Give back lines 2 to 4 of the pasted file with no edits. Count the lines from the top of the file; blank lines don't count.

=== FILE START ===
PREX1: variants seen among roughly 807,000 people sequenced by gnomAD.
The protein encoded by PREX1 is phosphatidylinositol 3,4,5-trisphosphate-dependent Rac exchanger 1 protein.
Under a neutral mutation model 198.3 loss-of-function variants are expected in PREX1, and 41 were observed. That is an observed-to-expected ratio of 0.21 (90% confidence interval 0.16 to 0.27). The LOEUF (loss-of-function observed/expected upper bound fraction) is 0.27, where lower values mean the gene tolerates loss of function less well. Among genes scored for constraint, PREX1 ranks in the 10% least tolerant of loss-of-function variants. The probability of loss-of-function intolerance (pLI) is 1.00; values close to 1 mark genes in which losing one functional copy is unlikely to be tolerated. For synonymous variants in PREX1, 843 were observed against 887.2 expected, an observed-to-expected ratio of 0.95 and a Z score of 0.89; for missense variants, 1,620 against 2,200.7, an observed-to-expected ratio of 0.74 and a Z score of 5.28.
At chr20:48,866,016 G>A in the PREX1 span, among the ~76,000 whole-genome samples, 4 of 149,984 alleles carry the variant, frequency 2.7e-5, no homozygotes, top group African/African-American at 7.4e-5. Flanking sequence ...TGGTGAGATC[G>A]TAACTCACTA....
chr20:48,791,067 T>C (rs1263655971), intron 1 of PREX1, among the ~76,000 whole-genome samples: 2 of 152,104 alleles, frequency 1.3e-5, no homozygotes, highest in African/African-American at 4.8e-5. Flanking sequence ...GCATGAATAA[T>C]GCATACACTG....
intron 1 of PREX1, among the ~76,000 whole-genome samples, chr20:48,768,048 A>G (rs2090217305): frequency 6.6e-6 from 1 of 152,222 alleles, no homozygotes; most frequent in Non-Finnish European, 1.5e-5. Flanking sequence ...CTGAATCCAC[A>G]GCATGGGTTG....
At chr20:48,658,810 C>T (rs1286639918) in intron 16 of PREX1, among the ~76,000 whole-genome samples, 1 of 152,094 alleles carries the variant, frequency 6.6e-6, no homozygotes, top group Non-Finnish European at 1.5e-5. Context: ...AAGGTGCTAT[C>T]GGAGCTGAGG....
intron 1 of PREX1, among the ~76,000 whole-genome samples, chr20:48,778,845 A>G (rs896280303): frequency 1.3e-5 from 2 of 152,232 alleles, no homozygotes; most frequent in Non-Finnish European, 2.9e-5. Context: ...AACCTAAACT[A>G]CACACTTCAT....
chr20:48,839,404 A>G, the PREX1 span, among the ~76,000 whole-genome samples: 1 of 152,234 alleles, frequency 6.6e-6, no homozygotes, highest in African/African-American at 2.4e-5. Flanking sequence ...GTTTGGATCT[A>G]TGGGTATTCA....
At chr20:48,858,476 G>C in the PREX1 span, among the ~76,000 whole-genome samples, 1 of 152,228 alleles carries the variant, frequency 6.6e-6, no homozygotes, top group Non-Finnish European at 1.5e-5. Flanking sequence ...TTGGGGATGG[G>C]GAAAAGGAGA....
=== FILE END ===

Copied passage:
The protein encoded by PREX1 is phosphatidylinositol 3,4,5-trisphosphate-dependent Rac exchanger 1 protein.
Under a neutral mutation model 198.3 loss-of-function variants are expected in PREX1, and 41 were observed. That is an observed-to-expected ratio of 0.21 (90% confidence interval 0.16 to 0.27). The LOEUF (loss-of-function observed/expected upper bound fraction) is 0.27, where lower values mean the gene tolerates loss of function less well. Among genes scored for constraint, PREX1 ranks in the 10% least tolerant of loss-of-function variants. The probability of loss-of-function intolerance (pLI) is 1.00; values close to 1 mark genes in which losing one functional copy is unlikely to be tolerated. For synonymous variants in PREX1, 843 were observed against 887.2 expected, an observed-to-expected ratio of 0.95 and a Z score of 0.89; for missense variants, 1,620 against 2,200.7, an observed-to-expected ratio of 0.74 and a Z score of 5.28.
At chr20:48,866,016 G>A in the PREX1 span, among the ~76,000 whole-genome samples, 4 of 149,984 alleles carry the variant, frequency 2.7e-5, no homozygotes, top group African/African-American at 7.4e-5. Flanking sequence ...TGGTGAGATC[G>A]TAACTCACTA....